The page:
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If You Should Do It For Your Kid, You Should Do It For Yourself

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I recently dealt with an extremely difficult phase of separation anxiety with my three and a half-year-old. I couldn’t even go to the bathroom without her running behind me and pounding her fists against the door, while in tears.


There were a lot of changes in our home all at once, so some type of reaction was to be expected. But, this was far beyond anything I had ever imagined. I had no idea what to do and felt incredibly overwhelmed from the moment I woke up each day to the moment I retired my exhausted mind and body back to bed.

I tried being more present by spending additional quality time with her while our new nanny watched my infant. I thought that perhaps the strain was coming from the presence of her new sibling, and the time that the baby was taking away from my interactions with her. That didn’t help… One day I foolishly listened to the advice of a friend who allows her child to scream through every situation, and swiftly exited her camp room after drop off. That definitely didn’t help.

The teachers called me back within 15 minutes and suggested I sit down on the floor with the rest of the class until she calmed down. (Side note here: If you don’t agree with the way someone else parents their children, don’t take their advice. Every child is different and only YOU know what is best for your child.)

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Then I tried working from home while the nanny was there, but all my daughter did was cry and tell me over and over again that she wanted ‘Her’ to ‘go home now.’ It was a complete disaster.

I eventually found the right balance and saw my daughter turning a corner. She was playing with our new nanny, she was looking forward to seeing her friends at camp, and she was letting me use the toilet without screaming on the other side of the door or bracing my leg while I tried to have a bowel movement. Things were looking brighter, and I could tell that we were getting over a huge hump. But, were WE really getting over it?

Why was I still feeling tightness in my chest in spite of her achievements?

This is what I was working towards for weeks! Why was I still feeling sad and heavy now that I was finally able to take a step back from constantly having to work through every step of the day with her?

Well, one morning while rushing through another mediocre shower it hit me. It was because I had forgotten about doing things for myself.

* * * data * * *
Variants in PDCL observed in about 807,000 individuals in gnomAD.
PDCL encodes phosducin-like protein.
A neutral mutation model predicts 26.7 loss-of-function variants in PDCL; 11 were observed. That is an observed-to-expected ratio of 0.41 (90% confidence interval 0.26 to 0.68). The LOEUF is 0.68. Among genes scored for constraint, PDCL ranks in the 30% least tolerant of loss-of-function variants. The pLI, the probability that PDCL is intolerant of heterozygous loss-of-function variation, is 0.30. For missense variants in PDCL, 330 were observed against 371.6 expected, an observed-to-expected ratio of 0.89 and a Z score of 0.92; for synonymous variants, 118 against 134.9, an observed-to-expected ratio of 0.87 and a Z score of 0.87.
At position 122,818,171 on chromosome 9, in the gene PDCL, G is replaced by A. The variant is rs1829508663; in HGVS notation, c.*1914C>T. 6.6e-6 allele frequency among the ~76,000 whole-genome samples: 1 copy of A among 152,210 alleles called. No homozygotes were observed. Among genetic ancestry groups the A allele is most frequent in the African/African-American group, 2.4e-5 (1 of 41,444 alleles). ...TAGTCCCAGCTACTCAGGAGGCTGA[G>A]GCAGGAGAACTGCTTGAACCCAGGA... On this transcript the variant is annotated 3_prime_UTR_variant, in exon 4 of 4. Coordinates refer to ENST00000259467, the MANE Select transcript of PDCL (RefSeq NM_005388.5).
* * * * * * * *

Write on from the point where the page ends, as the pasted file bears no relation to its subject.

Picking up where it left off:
I am not just talking about forgetting things like showers, getting dressed properly or throwing some makeup on. I am talking about forgetting to nurture myself on a much greater and deeper level. The way I had been nurturing my daughters. I didn’t need a new pair or jeans or a piece of jewelry. I didn’t need a manicure that would chip within two days or an expensive pair of shoes. I needed some reassurance and love.

Don’t get my wrong, I never underestimate the power of a nice manicure or massage, but we parents need to realize that true self-nurturing doesn’t come in the form of material things. It comes from giving ourselves the same type of love and reassurance that we give to our children each day.

So, one morning I stopped and looked at myself in the mirror. I leaned in with my hands on the counter and gazed into my own, tired eyes. I saw a ‘girl’ who had been neglected. I saw a lonely, and sad girl who was giving all of herself to everyone around her just to make others happy. The same girl I see in my daughter’s eyes when she has done every dance possible to get my attention, and sings every song she can think of when the baby’s demands are taking me away from her. I almost cried.

If I wouldn’t allow my daughter to suffer this way, then why was I allowing it to happen to myself?

Of course, I needed to be their caretaker. But, It was without question that I was fulfilling that role. I was also being the best wife possible with whatever energy I had left at the end of each day. But, there was another lonely person in the house, one who needed love and attention, or just needed to hear that she was important and that person was me.

In that moment I made the decision to find a way to nurture my own soul and give myself some needed and deserved attention. I praised myself. I acknowledged all of my strengths. I allowed myself to feel proud and take the credit I deserved for taking such good care of my family.

I also unapologetically allowed myself to feel great about the way my body had recovered after having two children. I told myself that I deserved complete showers and the time to shave my legs, even if that meant leaving my daughter with the television for an extra 15 minutes (they were always safe). I scheduled some plans with friends who I enjoyed being around, instead of just making obligated play dates with other parents I hardly knew.

Most importantly, I embraced that moment of praising myself and I didn’t feel guilty for any of it.